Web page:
With LG’s V series smartphones, the proposition is simple: connect a pair of headphones and you’re off to the races with an ESS DAC/headphone chip for some of the best portable sound in the world this side of a DAP. Yes, the LGs sound better than any Apple iPhone. That’s as true for lossy Spotify as it is for Tidal HiFi’s lossless.
The V series also maintain pole smartphone audio position once we park the headphones and repurpose a V30 or V40 as a network streamer (with touchscreen). Catch up on that coverage here.
Once we move to hi-res content, the gotchas come thick and fast. LG’s Android OS doesn’t tell us what it’s doing with sample rates and bit depths but Roon’s signal path panel lets us know that the V30’s operating system converts 24bit content to 16 and, if forum chatter is to be believed, resamples 44.1kHz to 48kHz. It would appear that the V30 and V40’s headphone output is capped at 16bit/48kHz.
Only the Tidal app takes us higher; and by the power of MQAskull. MQA (the company) worked with LG to have the Tidal app’s digital output bypass Android’s upsampling/resampling to arrive bit-perfectly at the ESS 9218P chip.
Time to add a USB DAC.
With AudioQuest’s DragonFly Cobalt (review here), the proposition is simple: connect it to a pair of headphones and then to (almost) any smartphone’s digital port for one of the best-sounding portable audio rigs in the world this side of a DAP. Yes, the LG V30/40 sounds better with the Cobalt than without. That’s as true for lossy Spotify as it is for Tidal HiFi’s lossless.
The Cobalt-ameliorated LG also maintains pole audio position when we park the headphones and repurpose the duo as a network streamer (with touchscreen).
Once we move to hi-res content, the gotchas come thick and fast. Roon’s signal path tells us that the LG phone’s USB port refuses to push the Android OS’s bit rate ceiling above 16 bits whilst the DragonFly’s blue status light tells us that the stream is held to 48kHz.
The Tidal app, once again, comes to rescue. Its output lights up the Cobalt with ‘MQA purple’ — just as we’d expect. Bringing Qobuz and locally stored hi-res file into the USB streaming picture is USB Audio Player Pro (UAPP), which injects its own USB driver into the phone’s OS for bit-perfect digital playback that, with the same content, offers superior sound quality to the Tidal app.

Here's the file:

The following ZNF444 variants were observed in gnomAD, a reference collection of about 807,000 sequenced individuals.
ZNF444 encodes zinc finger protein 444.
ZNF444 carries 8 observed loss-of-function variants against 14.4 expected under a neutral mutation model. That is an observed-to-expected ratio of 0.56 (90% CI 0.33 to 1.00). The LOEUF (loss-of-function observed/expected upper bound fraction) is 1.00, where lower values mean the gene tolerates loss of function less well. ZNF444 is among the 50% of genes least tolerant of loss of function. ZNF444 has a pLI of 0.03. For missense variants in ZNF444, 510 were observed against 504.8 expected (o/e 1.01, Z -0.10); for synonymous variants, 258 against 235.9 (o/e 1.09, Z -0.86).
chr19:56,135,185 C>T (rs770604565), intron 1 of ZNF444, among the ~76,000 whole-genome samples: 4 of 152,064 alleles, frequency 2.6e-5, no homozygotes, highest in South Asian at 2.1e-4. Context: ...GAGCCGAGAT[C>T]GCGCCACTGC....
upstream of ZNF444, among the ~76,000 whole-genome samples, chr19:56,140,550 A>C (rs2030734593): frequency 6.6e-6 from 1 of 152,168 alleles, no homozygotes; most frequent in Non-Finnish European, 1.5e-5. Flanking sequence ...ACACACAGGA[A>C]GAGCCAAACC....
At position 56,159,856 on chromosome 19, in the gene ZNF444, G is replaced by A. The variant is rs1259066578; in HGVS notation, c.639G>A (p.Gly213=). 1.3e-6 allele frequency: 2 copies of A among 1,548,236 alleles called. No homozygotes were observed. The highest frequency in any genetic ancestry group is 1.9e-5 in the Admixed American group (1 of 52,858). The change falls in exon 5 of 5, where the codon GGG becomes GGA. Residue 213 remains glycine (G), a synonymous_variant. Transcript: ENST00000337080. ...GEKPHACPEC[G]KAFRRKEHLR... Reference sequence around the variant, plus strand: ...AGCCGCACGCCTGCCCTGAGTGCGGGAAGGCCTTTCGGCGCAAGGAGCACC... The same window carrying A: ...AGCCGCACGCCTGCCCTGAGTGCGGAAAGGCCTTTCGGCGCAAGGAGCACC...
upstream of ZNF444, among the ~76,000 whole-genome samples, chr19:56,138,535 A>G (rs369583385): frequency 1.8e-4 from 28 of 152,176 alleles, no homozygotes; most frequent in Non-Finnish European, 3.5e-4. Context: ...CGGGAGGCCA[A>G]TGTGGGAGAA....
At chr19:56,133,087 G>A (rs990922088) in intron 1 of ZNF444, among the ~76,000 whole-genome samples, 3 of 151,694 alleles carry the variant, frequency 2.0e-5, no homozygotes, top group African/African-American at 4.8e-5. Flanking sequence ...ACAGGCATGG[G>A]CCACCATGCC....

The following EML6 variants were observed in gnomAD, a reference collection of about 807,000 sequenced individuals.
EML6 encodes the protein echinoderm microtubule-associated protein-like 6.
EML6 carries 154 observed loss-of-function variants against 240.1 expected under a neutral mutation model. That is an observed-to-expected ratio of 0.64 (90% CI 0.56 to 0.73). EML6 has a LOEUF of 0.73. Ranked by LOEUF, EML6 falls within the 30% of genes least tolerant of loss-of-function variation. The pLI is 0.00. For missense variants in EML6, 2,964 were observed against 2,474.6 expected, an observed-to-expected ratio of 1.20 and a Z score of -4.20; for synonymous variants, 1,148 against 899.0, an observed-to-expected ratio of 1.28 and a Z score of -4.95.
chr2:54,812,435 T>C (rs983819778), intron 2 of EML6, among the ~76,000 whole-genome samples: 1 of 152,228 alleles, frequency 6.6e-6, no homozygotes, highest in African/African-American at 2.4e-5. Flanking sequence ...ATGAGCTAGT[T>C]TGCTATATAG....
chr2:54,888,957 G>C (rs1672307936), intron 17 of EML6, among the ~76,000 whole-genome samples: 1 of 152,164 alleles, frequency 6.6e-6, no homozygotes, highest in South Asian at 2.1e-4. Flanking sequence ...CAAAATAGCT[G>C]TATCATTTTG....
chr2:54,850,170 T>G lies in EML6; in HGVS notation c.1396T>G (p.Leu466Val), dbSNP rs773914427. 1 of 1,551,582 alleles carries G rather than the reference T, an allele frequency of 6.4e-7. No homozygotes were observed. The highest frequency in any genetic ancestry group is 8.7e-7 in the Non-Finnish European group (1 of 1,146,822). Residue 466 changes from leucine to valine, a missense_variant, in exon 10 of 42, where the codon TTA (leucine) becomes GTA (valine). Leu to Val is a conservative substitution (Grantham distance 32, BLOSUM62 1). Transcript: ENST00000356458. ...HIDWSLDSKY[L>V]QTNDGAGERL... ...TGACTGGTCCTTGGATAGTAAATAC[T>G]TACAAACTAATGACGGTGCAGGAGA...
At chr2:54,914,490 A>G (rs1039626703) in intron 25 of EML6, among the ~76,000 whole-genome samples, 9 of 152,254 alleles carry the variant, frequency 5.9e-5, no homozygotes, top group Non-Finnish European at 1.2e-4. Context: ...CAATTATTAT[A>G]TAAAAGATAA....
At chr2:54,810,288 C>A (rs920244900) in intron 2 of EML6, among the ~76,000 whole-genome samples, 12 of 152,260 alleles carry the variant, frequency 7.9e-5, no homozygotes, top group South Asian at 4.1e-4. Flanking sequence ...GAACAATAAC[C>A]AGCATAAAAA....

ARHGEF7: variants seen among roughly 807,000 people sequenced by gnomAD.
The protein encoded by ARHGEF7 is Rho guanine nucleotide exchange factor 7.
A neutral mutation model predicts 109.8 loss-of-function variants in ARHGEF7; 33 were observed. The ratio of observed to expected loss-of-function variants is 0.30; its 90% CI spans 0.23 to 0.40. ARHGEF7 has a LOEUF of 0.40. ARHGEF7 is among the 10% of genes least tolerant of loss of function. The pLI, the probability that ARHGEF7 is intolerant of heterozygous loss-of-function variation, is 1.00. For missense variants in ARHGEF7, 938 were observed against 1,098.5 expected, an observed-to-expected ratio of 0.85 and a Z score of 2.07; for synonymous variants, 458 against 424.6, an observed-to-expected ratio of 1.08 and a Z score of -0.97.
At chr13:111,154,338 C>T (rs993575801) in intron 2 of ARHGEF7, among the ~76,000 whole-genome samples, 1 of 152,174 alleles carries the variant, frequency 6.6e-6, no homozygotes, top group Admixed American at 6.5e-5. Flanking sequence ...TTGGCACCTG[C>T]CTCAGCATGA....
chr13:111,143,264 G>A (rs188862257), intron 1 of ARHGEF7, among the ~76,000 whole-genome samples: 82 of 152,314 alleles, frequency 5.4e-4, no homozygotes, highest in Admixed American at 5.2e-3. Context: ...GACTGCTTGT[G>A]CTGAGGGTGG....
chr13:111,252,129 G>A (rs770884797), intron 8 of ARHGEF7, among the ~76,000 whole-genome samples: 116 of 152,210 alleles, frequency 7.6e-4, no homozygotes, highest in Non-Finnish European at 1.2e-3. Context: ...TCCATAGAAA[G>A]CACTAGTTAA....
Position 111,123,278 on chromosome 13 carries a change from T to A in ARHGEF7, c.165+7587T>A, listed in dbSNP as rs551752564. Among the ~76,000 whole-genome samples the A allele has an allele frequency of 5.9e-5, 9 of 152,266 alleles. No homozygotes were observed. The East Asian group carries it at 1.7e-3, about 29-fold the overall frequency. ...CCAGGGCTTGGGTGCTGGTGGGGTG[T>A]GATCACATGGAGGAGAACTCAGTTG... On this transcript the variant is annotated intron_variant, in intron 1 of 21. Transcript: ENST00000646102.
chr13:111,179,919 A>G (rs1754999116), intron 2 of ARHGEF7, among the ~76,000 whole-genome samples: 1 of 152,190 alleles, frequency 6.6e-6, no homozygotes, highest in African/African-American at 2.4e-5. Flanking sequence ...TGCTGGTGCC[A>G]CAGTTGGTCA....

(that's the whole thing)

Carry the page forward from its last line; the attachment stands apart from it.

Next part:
If we’re to engage Roon in a similar manner, a move to an iPhone or iPad is needed. With the Cobalt connected to an iPad with Apple’s Lightning adapter, we wave goodbye to any OS-induced bit- or sample-rate ceiling. Qobuz-sourced and locally-stored hi-res content play all the way up to the DragonFly USB receiver chip’s maximum: 24bit/96kHz. Nice.
To go higher, we return to Tidal but not their iOS app. Roon itself will play Tidal streams, conducting the first unfold of its own accord until we tell it that our DragonFly is also capable of the second unfold (decoding) and has an MQA filter onboard (rendering). Full MQA ahoy!
The iPad’s iOS demands less chicanery than the Android running on the LG and, with the DragonFly Cobalt attached, sounds a whole lot better than its own 3.5mm output and quite a bit better than the LG V30/40.
What a ride learning about hi-res playback on these devices! A ride that takes us through a wormhole that few would call beginner-friendly. This show n’ tell is for the more hardened hi-fi enthusiast:
Camera: Olaf von Voss | Editor: John Darko